Pictured is my Co-Pilot. I have it in a few colors. One of the other variants is actually a vintage steel/uv one that has the "portable culture" label on it. This black one is usually what I take to work. It holds a lot or a little and it's not too heavy. The train gets very crowded, and the slim profile keeps it manageable.
* my Side Kick, which is shown separately with all its contents
* bundle of keys
* some Tic Tacs
* general-purpose political button
* a lemon-flavored Luna bar that has seen better days
* pocket pouch with work ID and transit card
* iPad, notebook and study materials (which I only carry once a week, for a class)
* my inhaler, which I'm only using temporarily. In happier times the middle front pocket of the Co-Pilot can fit a water bottle or umbrella instead, or it gets left empty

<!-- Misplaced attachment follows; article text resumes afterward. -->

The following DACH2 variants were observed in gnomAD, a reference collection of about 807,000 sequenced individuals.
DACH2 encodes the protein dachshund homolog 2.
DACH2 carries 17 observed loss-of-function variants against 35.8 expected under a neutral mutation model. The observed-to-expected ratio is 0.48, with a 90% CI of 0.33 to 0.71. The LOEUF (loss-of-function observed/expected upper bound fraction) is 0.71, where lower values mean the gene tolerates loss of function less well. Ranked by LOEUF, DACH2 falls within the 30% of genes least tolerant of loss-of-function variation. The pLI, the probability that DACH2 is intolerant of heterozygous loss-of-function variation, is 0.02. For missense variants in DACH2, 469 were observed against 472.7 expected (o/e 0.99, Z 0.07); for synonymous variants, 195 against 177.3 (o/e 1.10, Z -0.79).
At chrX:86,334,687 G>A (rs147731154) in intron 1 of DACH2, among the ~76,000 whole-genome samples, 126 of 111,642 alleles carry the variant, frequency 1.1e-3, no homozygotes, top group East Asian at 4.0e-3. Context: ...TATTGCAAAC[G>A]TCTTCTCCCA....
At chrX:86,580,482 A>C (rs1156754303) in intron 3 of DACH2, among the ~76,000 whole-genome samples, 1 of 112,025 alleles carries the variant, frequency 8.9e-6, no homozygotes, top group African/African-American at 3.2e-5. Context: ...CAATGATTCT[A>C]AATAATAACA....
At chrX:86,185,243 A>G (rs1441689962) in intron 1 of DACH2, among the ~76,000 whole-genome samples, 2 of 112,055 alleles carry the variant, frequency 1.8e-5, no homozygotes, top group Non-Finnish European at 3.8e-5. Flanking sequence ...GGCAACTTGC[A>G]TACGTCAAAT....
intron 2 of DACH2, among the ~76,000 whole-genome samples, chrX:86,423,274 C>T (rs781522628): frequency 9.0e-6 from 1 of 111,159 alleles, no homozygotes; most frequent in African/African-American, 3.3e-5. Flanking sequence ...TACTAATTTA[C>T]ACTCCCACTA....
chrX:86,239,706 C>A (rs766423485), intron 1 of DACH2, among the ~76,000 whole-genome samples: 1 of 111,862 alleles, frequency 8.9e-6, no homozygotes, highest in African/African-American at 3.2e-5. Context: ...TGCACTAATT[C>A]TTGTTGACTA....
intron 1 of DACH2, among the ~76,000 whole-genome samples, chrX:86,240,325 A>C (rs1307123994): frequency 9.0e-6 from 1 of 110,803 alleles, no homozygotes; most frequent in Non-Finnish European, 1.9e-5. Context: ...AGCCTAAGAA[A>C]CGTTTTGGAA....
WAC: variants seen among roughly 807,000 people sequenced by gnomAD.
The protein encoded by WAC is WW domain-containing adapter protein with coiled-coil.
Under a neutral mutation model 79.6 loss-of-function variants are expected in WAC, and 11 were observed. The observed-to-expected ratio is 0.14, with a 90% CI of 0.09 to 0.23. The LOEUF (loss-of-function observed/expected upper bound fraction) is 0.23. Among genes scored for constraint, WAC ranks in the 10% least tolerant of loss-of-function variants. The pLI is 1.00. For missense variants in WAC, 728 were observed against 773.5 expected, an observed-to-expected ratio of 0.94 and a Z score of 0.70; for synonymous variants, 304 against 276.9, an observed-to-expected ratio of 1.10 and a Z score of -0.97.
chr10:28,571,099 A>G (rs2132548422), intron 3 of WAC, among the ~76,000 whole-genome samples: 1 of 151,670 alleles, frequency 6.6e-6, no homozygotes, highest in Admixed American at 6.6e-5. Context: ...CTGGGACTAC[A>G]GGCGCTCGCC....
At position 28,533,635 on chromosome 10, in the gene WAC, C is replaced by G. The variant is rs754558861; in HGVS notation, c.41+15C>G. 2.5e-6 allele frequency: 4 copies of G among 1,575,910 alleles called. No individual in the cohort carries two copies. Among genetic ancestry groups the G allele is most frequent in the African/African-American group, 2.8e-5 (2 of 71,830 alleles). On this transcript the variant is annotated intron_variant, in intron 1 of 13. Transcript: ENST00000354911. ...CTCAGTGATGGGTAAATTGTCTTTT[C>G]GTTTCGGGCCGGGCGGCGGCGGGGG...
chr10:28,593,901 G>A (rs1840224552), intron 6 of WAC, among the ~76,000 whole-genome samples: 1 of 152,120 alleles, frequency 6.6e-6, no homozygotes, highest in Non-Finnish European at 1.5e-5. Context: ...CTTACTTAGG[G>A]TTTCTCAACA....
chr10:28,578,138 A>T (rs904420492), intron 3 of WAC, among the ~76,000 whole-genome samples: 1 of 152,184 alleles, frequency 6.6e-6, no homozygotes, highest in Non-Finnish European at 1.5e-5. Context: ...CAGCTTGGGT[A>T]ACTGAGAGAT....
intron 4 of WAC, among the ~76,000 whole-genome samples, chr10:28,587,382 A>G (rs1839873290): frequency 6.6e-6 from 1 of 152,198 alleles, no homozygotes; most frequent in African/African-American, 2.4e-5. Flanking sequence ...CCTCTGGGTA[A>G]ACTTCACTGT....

Here is my Nordic Side Kick, a very kind gift from someone I met on the forums! This usually goes inside of a larger bag, but I carry it on its own sometimes. Typical contents:
* a wallet which stays clipped to one of the inside O-rings
* sound-masking Bose headphones
* a little notebook (Leuchtturm, my favorite)
* two pens
* Badger lip balm
* hand sanitizer
* Four Sevens MINI flashlight
* microfiber cloth, for glasses and phone
* Tylenol in a GoTubb
* a Tile tracker
* forgot to include in the photograph: portable charger
Can you tell us a little about yourself?
I work in a school at Harvard that specializes in public health. About ten years ago, I joined a team engaged in a large-scale effort to improve HIV care and treatment facilities in Nigeria, which was a very exciting departure from being in a laboratory all day. I started traveling more, to West Africa and occasionally beyond. Though in all honesty the "traveling" part of that had its own steep learning curve for me. In 2010, when a tiny roller with my most essential stuff was taken from me in Boston and checked through--to my horror--all the way to Lagos, on a multi-leg trip, I suddenly appreciated the merits of carrying a small soft-sided bag too small to confiscate even when overhead space is tight. I think it was right about that time that I discovered the Tom Bihn company.